Spending growth slows in non-residential building market
Non-residential construction activity continues at a high level but has not expanded since last fall, after adjusting for project cost inflation, according to Reed Construction Data. However five markets continue to expand—mostly in the plants, utilities, and hotels sectors.
Non-residential construction activity continues at a high level, but has not expanded since last fall, after adjusting for project cost inflation, according to Reed Construction Data . However five markets continue to expand. The growth in construction spending from November to June is 19% for manufacturing, 17% for power (electric and gas utilities plus energy industries), 15% for water (entirely new treatment plants), 15% for hotels (mostly destination hotels), and 8% for public safety buildings.
The slowdown is evident in the construction starts totals from Reed Construction Data. The YTD (July) value of starts was down 6% compared to the first seven months of last year. July starts were relatively weak after strong totals in May and June. Only a few small markets have clearly expanded: government offices (100%), libraries and museums (43%), dams and marine (22%), parking garages (21%), and airports (18%).
Among major markets the largest decline is for commercial buildings (mainly retail buildings) where reduced returns on investment prospects quickly caused project deferrals and cancellations. This slowdown is in response to the recession in the domestic economy and will quickly reverse when the recession end by year end. Then renewed, if modest, expansion in the commercial sector will resume.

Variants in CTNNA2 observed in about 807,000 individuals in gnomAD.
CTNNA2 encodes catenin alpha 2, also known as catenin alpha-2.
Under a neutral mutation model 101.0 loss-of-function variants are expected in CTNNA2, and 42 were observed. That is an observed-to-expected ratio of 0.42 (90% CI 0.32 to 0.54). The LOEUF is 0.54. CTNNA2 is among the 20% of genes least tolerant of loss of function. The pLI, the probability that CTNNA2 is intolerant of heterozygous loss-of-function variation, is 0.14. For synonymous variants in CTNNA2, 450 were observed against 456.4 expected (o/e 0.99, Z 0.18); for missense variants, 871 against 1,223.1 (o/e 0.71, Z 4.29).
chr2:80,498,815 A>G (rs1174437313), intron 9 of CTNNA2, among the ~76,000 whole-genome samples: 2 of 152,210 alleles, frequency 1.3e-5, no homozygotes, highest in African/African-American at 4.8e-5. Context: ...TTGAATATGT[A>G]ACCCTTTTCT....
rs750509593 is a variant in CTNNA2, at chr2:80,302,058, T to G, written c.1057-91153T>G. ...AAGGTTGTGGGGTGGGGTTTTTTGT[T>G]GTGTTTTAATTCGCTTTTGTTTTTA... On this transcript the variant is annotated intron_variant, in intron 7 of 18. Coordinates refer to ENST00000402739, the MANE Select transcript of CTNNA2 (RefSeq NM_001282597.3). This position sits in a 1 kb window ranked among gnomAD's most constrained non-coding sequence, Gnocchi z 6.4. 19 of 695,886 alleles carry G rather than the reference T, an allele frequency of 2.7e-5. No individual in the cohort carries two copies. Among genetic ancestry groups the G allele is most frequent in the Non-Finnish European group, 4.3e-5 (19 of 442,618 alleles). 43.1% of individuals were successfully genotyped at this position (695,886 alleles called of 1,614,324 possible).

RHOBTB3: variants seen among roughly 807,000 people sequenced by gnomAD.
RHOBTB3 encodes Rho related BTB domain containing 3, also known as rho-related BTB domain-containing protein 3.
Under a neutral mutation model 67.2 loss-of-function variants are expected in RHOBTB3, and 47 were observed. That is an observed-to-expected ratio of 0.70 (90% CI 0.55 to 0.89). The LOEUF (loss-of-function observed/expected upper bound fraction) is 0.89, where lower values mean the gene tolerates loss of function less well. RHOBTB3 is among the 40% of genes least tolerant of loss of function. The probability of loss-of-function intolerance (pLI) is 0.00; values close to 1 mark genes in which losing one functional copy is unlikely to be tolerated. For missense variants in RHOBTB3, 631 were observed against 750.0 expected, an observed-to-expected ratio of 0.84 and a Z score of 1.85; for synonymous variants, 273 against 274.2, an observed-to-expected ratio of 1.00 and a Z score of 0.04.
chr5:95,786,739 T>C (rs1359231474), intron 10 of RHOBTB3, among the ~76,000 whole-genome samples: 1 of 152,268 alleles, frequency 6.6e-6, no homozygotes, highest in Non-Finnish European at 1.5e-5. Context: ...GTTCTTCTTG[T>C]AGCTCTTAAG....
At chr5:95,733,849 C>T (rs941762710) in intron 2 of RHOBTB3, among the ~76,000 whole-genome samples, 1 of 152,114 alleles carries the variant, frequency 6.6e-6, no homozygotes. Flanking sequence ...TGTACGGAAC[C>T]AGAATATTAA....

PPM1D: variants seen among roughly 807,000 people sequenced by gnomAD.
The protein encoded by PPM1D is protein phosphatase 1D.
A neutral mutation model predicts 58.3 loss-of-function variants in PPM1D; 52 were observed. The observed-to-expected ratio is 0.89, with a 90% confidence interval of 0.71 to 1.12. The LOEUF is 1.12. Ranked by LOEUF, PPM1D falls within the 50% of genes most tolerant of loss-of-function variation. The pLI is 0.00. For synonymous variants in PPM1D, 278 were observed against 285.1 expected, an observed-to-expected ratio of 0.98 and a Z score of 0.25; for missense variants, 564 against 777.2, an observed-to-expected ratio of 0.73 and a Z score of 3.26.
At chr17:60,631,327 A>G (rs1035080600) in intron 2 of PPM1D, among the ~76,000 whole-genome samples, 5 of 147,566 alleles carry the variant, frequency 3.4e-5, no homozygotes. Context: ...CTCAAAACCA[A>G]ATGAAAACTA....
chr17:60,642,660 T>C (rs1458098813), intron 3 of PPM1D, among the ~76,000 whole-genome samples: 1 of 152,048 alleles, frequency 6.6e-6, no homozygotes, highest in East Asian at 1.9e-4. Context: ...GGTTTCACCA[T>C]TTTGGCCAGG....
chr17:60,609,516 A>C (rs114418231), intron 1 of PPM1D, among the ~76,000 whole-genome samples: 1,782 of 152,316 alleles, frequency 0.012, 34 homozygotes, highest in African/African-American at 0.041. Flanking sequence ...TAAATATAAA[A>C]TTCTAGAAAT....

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Annual Salary Survey
Before the calendar turned, 2016 already had the makings of a pivotal year for manufacturing, and for the world.
There were the big events for the year, including the United States as Partner Country at Hannover Messe in April and the 2016 International Manufacturing Technology Show in Chicago in September. There's also the matter of the U.S. presidential elections in November, which promise to shape policy in manufacturing for years to come.
But the year started with global economic turmoil, as a slowdown in Chinese manufacturing triggered a worldwide stock hiccup that sent values plummeting. The continued plunge in world oil prices has resulted in a slowdown in exploration and, by extension, the manufacture of exploration equipment.
Read more: 2015 Salary Survey